This is my first Cecelia Ahern read, so I'm not sure if all her other books are like this. I couldn't find anything from my usual authors at the airport, and I figured I couldn't go too far wrong with Cecelia Ahern - she's always on display after all, and is probably a fairly good contemporary chick lit author.
Recommend this product?
I was wrong. I happen to like historical romance and fantasy novels, and was pleasantly surprised to find that "A Place Called Here" contains elements of both contemporary romance and fantasy.
The book starts off innocuously enough. The heroine, one Sandy Shortt, is a bit of a misfit who starts getting obsessed with finding things that she's lost after her neighbour and classmate Jenny-May disappears when she is ten.
The middle portion of the book dwells on Sandy's visits to the school psychiatrist, a cool Gregory Burton, as well as how she now runs a missing persons agency and tries to help Jack Ruttle locate his missing brother Donal.
The fantasy part kicks in on the morning that Sandy arranges to meet Jack. They have a chance meeting at a petrol station, only Sandy and Jack don't know they'll be meeting each other later. Then Sandy goes jogging down an unmarked trail and ends up somewhere else.. the place where all lost objects go, to be precise.
In the meantime, Jack gets increasingly bewildered when Sandy doesn't show up, and tries to find her himself, because he thinks she's the only one who will help him find Donal.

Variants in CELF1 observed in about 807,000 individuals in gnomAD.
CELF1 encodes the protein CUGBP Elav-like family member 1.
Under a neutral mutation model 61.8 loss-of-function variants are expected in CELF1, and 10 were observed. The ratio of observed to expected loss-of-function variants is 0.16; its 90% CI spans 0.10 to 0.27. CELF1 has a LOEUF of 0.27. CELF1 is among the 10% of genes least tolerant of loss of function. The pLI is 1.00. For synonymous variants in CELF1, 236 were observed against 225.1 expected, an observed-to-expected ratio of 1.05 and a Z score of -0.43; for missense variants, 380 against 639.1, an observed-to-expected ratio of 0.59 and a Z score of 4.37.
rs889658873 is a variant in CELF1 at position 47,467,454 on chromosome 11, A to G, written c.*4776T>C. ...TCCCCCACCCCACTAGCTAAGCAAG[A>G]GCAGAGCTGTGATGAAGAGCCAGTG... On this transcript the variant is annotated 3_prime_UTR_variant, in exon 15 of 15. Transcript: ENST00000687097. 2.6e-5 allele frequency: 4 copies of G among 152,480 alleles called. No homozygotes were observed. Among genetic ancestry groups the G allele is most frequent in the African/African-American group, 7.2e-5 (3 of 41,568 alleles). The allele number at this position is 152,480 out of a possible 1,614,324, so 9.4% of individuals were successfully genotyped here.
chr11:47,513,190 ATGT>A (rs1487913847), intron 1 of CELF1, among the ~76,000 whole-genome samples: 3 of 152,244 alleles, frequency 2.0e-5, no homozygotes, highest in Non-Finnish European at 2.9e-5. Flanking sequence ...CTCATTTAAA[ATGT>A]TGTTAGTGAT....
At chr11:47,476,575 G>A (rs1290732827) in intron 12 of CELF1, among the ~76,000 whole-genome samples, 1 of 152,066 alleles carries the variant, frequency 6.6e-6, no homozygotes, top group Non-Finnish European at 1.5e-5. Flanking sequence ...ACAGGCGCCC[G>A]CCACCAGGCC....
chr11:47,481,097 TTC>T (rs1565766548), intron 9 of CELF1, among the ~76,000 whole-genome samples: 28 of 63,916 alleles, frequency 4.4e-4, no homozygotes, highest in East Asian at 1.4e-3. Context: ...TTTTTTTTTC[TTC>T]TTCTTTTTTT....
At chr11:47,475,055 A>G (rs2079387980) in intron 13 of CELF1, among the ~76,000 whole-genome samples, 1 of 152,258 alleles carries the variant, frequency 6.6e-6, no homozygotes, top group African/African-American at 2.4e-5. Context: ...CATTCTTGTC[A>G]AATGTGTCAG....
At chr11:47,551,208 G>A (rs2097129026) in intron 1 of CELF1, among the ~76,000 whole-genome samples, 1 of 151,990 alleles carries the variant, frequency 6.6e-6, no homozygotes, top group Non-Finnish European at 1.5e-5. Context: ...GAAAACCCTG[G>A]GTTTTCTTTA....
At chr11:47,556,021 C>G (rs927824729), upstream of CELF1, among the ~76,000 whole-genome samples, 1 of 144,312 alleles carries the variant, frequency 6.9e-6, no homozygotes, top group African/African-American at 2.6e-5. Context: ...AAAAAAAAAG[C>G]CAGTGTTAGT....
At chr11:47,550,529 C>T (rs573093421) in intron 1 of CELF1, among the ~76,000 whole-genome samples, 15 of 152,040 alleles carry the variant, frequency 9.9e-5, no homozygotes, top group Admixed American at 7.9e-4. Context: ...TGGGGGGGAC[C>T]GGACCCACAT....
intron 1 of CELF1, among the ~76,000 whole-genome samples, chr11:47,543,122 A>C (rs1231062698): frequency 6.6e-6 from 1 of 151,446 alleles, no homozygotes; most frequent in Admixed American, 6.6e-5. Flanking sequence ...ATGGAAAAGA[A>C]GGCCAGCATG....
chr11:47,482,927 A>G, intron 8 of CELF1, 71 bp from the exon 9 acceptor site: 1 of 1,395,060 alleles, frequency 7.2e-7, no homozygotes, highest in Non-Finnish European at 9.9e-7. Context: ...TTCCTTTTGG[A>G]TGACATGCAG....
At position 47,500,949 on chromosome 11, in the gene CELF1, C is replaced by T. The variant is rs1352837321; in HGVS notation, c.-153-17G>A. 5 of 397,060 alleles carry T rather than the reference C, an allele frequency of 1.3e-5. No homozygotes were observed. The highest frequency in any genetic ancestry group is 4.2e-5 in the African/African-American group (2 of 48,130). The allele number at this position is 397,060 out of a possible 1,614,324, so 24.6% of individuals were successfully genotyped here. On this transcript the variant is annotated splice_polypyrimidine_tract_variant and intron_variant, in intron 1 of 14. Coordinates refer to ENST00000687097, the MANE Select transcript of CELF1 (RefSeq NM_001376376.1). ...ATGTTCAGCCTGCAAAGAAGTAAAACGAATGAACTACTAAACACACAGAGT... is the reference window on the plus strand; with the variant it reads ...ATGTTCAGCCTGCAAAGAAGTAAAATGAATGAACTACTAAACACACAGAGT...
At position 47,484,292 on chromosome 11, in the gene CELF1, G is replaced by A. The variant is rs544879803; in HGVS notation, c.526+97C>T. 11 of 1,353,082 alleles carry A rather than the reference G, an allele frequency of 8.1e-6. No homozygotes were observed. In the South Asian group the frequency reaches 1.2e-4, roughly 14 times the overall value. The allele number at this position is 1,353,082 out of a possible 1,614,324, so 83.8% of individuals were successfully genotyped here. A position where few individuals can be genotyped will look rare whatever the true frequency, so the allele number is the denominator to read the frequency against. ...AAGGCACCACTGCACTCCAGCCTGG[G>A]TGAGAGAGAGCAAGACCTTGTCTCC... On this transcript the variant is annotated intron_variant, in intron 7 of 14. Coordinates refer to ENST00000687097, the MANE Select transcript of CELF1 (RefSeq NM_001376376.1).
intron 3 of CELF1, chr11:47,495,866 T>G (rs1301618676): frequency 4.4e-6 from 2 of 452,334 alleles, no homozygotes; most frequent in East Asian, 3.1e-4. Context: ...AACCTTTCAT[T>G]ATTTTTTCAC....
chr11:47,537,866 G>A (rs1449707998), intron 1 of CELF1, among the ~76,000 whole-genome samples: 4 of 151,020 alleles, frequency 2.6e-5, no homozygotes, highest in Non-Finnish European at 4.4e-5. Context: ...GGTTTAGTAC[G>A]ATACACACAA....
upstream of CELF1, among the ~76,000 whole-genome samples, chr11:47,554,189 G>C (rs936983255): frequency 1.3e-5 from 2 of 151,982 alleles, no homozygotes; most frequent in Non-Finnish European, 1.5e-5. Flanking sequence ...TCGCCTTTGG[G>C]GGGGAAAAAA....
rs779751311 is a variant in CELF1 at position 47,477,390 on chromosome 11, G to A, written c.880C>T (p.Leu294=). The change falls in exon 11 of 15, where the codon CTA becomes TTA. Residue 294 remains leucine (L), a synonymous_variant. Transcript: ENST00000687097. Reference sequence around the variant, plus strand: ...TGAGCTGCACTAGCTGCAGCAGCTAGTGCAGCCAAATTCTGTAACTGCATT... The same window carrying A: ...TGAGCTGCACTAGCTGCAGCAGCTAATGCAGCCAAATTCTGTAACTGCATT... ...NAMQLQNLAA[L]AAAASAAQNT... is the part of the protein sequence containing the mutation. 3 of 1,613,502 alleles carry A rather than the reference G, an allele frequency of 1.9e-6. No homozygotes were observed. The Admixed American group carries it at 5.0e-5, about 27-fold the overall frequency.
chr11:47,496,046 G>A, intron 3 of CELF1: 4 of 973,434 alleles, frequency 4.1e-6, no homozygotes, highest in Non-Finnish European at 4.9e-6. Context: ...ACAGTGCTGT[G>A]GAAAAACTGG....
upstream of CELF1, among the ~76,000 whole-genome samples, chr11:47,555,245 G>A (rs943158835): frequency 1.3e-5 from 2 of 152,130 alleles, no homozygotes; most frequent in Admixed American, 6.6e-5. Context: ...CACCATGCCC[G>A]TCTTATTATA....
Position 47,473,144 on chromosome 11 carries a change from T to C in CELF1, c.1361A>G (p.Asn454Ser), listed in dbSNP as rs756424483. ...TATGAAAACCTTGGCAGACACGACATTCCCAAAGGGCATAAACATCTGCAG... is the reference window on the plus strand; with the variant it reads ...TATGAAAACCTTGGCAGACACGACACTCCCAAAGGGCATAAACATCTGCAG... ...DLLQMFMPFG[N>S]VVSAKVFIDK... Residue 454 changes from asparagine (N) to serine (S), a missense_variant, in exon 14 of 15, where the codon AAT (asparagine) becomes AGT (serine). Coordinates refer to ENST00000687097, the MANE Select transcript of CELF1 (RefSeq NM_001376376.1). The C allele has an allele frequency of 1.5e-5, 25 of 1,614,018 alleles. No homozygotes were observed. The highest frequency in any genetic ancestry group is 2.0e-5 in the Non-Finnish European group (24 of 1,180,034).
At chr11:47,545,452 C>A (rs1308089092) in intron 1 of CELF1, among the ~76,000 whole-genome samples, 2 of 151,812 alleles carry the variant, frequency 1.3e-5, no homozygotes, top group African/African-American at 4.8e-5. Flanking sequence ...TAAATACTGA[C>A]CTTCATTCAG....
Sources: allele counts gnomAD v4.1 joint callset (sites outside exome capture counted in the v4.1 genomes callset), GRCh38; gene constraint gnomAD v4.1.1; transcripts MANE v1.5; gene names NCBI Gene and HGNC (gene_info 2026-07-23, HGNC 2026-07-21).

Jack's search for Sandy throws up more insights into her life, with tantalising flashbacks into her past, even as Sandy explores her new world and manages to bring her life a full circle as a result.
I liked the way Ahern brings parallels between Jack's and Sandy's experiences, and the surreal way that Jack and Sandy meet at first at the petrol station, without knowing they're supposed to meet later on. She ties all the loose ends together up really neatly at the happy ending, and I like neat happy endings.
People seem to disappear into thin air everyday, and Ahern paints their anguish and what happens after very graphically. You live with the characters, a testament to Ahern's talent.
What some readers might not be able to accept is the glibness of a world where lost things end up that is the answer to Sandy's problems.
Everyone's lost something they have never been able to find, even though "it was just right there", and so can identify with Sandy. I've sometimes found things where they should be, after looking there loads of times; so a world where lost things go kinda makes sense.
Still, a whole new global economy side by side with this one , populated by lost objects, can be a little hard to swallow. Why should it happen? What space does it occupy? How do you decide if something is lost? Or if it stays lost? The problem may be the contemporary setting - change a few names, place this whole story in some fantasy world, and I would accept things without question.
Strangely enough, this was also my favourite part of the book.
While I wouldn't consider this story a "keeper" it's still a good read and well recommended to people who like romance and fantasy stories. If you like contemporary romance, so much the better. Just let logic fly out the window first :)
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